Tuesday, April 14, 2009

Debi: Rebirth in the City

Spring comes slowly everywhere, I think. Depending on how frustrated you've been with the weather -- and probably none this year more so than Stori! -- the baby steps that bring in spring weather can be excruciating. Here in Evanston, we've had several days over sixty degrees that were then followed with snow, or a week of sub-freezing weather. The slow striptease of green here is enough to fill my back foyer with mountains of clothes. A week's weather can require rain gear one day, light jackets another, then winter coats and mittens, and then back to the light jackets for another day. Never do we check the weather report more often than in March and April.

The nice thing about it is that our walk to school is now conducted at least partially with our heads down, searching for those first signs of flowers. That photo on top is of some fiesty tulips pushing their way through the dead grasses and leaves from last fall. I'm a fits-and-starts gardener, and while I was diligent about raking and pruning for some of the fall, eventually I got so far behind that I just decided to call the fruits of my laziness "compost." The tulips clearly didn't suffer. Our back yard is a beautiful garden left to me by the former owners of our house, who lovingly shaped it, only to leave it to someone who fought yardwork her whole childhood, only grudgingly raking or digging when absolutely ordered to do so.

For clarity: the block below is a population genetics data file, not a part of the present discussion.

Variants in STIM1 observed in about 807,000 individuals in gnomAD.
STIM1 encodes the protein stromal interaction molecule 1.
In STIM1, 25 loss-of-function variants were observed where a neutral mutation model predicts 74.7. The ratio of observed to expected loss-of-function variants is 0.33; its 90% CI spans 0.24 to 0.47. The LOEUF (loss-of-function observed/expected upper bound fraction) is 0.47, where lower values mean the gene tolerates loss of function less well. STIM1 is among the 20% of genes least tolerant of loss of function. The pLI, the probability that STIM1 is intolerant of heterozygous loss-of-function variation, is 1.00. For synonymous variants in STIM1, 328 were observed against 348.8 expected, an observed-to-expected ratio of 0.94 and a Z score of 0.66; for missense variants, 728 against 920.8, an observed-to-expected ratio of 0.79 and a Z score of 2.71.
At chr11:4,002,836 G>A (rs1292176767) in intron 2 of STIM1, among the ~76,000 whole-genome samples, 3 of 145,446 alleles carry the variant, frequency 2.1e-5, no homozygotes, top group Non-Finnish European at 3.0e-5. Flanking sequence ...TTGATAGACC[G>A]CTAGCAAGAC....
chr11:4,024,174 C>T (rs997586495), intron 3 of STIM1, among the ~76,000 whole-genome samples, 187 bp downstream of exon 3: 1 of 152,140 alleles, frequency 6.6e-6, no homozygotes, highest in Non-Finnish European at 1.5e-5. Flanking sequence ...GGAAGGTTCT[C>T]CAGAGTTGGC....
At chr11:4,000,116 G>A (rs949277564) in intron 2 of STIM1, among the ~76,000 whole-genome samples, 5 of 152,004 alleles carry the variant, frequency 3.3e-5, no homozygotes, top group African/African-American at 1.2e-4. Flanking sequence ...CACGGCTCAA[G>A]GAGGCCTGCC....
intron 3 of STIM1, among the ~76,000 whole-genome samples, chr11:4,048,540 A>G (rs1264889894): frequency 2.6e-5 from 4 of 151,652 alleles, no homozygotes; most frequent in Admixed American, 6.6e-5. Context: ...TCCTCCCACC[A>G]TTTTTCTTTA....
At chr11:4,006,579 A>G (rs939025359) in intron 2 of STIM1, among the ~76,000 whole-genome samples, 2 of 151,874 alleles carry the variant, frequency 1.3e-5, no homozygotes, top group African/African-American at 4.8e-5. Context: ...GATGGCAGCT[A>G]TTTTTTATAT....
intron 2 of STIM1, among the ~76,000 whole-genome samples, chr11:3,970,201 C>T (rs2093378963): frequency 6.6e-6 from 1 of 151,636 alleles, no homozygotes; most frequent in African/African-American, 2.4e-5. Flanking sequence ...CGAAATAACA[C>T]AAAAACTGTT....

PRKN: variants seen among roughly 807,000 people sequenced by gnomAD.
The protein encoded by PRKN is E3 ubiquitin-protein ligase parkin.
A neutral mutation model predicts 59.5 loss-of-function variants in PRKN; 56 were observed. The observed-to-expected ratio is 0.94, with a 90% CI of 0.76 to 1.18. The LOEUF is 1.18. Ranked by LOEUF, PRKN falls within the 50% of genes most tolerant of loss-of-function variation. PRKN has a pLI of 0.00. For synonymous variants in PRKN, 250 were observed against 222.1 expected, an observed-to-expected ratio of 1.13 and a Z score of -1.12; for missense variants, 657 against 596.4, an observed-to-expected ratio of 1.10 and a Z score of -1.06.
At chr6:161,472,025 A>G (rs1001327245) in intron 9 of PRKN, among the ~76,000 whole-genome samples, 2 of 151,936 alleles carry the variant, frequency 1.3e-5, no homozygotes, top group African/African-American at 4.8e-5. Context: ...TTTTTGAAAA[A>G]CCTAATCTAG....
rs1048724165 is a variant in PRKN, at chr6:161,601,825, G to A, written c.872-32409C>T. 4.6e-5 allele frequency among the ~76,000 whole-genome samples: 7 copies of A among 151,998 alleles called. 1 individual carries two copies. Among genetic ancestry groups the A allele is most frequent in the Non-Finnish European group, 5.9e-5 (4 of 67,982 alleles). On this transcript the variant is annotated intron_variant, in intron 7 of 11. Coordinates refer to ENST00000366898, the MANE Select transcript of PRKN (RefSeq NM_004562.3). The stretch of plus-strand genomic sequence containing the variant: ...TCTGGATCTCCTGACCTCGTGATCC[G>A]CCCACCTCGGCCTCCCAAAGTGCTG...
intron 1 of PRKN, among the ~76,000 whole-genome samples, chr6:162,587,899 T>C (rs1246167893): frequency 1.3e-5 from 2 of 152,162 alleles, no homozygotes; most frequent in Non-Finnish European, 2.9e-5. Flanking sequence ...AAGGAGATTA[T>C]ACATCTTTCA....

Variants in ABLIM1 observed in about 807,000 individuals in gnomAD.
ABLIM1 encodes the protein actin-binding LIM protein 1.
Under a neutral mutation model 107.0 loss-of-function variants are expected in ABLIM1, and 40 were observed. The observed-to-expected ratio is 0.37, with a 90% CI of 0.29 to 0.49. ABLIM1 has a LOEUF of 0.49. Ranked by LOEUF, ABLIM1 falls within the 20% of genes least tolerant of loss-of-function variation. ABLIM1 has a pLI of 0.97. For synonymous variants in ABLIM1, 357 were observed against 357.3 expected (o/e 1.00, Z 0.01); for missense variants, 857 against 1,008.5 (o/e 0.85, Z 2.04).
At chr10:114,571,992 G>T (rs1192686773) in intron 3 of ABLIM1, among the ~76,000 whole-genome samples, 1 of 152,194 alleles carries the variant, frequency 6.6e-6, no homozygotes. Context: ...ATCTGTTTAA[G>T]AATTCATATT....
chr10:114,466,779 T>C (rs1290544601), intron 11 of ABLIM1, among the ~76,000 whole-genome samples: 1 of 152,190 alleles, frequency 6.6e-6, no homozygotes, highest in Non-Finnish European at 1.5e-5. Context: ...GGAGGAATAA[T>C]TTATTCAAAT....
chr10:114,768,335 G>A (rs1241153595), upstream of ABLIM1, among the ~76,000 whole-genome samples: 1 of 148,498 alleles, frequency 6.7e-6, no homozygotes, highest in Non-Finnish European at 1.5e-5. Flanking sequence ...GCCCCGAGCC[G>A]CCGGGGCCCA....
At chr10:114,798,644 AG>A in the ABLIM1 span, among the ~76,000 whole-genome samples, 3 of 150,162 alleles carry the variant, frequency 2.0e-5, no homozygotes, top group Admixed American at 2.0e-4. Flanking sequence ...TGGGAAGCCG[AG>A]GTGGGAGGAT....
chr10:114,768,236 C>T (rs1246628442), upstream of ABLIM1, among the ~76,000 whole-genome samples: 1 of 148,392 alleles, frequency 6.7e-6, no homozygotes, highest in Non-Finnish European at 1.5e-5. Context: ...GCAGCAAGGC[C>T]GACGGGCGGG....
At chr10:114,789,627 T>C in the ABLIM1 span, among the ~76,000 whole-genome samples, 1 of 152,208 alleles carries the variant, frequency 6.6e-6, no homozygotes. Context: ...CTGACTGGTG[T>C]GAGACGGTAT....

Now the garden belongs to me, and I feel more inspired by it. I've managed to discover some wonderful herbs growing there -- peppermint, spearmint, anise hyssop, oregano, and chives -- and last summer added basil, thyme, dill, and two ill-fated rosemary plants. I've asked my family to dedicate a day on Mother's Day weekend to planting our annuals, which I mostly put in pots that hang around the fences and porch railings. For now, we're enjoying all the buds, including these that we lovingly admired this weekend as I raked what I ignored last fall:
Our neighbors have beautiful things happening too, but they come and go with the cold. These flowers were glorious on our walk to school one day, but closed up and huddled against the cold on our way home:

It's going to get spectacular around here any day now...I can feel it!

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